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I have a table which contains about 80 variables. I will give one variable as input and as output I want to have all the variables that are related to the input variable.

Example: I have hospital data which contains variables such as patient name, blood pressure, sugar, heart rate, ECG, "heart patient" (binary yes/no variable), etc. If I give "heart patient" as input, then as output I would get ECG, heart rate, blood pressure, etc.

So I need to find variables which are related to the "heart patient". And the rest will be ignored.

I am using principle component analysis (PCA) to solve this. The problem is that PCA gives me the number of variables which best represent the data set, not the variables that are related to a given variable.

Please suggest me some idea or keywords that help me to proceed. Also, could you give me some reading which would improve my PCA understanding. I have already read Making sense of principal component analysis, eigenvectors & eigenvalues.

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  • $\begingroup$ no comments , no answers , Is there a problem in my question ? $\endgroup$
    – munjal007
    Mar 12, 2015 at 17:19

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I don't immediately see how PCA would be useful here, since PCA is more of an approach for characterizing an entire dataset in one go than a way of characterizing all the variables in terms of a single specially chosen variable.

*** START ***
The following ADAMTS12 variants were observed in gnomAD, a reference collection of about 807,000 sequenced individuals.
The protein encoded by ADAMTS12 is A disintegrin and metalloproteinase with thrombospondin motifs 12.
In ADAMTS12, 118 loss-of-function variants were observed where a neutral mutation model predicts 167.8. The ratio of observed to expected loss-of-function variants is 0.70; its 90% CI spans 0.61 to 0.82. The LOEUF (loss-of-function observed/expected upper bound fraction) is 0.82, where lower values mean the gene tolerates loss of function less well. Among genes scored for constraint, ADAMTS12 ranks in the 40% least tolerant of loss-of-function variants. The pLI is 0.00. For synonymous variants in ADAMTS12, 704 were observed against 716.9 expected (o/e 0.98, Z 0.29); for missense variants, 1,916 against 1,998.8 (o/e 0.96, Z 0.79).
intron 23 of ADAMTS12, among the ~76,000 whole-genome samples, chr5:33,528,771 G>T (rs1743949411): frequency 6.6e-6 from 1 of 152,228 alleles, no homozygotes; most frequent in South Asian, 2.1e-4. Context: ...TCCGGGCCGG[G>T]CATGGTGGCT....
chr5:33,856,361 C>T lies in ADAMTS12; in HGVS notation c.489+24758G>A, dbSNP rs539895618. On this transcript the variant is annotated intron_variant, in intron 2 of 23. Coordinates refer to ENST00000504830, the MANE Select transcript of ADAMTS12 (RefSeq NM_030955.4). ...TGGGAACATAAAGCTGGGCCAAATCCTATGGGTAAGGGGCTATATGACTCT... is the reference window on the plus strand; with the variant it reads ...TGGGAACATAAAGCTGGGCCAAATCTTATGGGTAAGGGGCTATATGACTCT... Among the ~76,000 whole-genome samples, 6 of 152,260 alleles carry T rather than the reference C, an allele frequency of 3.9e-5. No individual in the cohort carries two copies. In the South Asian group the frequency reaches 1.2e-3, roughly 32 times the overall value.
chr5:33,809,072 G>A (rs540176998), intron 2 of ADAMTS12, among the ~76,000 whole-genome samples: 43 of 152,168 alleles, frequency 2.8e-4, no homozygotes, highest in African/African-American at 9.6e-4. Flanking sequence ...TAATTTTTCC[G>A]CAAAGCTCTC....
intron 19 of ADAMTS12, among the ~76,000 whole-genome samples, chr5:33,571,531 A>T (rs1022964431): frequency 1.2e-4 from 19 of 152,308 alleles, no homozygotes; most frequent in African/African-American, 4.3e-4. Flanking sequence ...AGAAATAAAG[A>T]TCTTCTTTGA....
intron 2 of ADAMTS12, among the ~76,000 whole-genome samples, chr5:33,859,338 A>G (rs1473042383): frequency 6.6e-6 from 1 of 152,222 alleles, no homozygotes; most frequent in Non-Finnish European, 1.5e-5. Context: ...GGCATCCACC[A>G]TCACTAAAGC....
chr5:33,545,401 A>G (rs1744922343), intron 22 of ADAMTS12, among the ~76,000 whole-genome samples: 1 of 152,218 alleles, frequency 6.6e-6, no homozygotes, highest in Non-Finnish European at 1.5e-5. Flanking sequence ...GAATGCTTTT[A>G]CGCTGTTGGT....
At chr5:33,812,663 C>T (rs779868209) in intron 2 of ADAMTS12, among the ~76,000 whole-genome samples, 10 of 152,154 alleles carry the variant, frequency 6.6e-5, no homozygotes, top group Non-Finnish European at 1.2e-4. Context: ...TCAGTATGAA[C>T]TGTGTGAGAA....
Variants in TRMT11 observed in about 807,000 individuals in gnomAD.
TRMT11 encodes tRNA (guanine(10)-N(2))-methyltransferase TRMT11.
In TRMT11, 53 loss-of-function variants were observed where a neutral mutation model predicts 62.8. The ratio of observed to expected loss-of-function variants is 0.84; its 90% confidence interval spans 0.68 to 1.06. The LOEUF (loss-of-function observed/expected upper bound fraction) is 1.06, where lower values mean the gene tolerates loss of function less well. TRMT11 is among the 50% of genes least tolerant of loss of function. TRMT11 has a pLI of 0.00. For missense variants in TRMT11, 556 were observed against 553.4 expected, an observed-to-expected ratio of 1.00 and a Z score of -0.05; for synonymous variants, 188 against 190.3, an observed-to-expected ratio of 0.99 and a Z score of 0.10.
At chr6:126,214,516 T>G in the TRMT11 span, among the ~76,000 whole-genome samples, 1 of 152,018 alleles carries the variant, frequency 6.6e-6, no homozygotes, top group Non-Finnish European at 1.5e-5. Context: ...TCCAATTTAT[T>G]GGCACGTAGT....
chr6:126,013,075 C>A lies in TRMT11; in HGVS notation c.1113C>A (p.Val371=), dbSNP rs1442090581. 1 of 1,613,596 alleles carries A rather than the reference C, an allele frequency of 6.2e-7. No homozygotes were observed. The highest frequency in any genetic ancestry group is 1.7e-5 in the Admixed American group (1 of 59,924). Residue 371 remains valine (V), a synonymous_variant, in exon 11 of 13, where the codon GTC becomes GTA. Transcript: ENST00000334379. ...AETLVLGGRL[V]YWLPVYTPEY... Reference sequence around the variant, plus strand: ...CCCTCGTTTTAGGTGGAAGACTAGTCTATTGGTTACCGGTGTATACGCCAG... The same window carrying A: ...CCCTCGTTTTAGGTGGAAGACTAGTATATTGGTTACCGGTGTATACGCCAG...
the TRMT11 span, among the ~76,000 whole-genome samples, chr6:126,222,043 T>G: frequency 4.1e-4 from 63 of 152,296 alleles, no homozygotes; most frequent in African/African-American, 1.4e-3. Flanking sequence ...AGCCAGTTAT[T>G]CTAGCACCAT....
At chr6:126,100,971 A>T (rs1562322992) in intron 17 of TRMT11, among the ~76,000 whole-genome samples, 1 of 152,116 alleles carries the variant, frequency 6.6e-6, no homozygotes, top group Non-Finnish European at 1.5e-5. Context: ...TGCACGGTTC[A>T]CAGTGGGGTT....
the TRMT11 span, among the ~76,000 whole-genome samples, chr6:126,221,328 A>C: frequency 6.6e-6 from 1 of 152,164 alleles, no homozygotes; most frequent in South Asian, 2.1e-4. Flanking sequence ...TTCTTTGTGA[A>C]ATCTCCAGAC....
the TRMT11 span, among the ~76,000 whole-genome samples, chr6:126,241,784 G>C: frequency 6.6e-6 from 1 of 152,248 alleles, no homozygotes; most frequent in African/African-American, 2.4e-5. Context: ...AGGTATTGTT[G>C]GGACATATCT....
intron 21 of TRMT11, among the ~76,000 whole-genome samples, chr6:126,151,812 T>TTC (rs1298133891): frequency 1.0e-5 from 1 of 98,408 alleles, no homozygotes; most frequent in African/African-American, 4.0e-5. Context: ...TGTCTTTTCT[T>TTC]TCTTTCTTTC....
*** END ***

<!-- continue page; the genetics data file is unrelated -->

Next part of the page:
I think the simplest approach to this problem is to, given the input variable, calculate its correlation (Kendall's τ is a nice general-purpose notion of correlation) with every other variable. Sort these correlations by absolute value to make a list of the variables in order of how closely related they are to the input variable. Choose a threshold absolute correlation, or take the n most closely related, and you have a subset of the variables that are more related to the input variable than the other variables are.

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What PCA does is "squeeze" the variance of the original variables into a smaller set of variables (the principal components). The problem you describe requires a Feature Selection algorithm or a simple correlation analysis between the input variables and your chosen output. If you insist (or you're required) to do the task using PCA, then search the literature for "feature selection using pca". However, I suggest you don't go in the latter direction if you're just starting to use PCA.

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  • $\begingroup$ "Feature selection using PCA" does not take an "input variable" into account either. So how would it be useful here? $\endgroup$
    – amoeba
    Mar 12, 2015 at 18:10
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    $\begingroup$ You're right. That particular paper won't give you an output-specific ranking of your variables (output is what you refer to as "input variable"; It is in fact an output, as the variables would like to select would be inputs to it, if you had a model). As far as I know, no ordinary PCA method can do that, atleast, not in a straightforward way, so you should look elsewhere. $\endgroup$
    – amjams
    Mar 13, 2015 at 13:40
  • $\begingroup$ I am not the OP :) But yes, I agree. $\endgroup$
    – amoeba
    Mar 13, 2015 at 13:43

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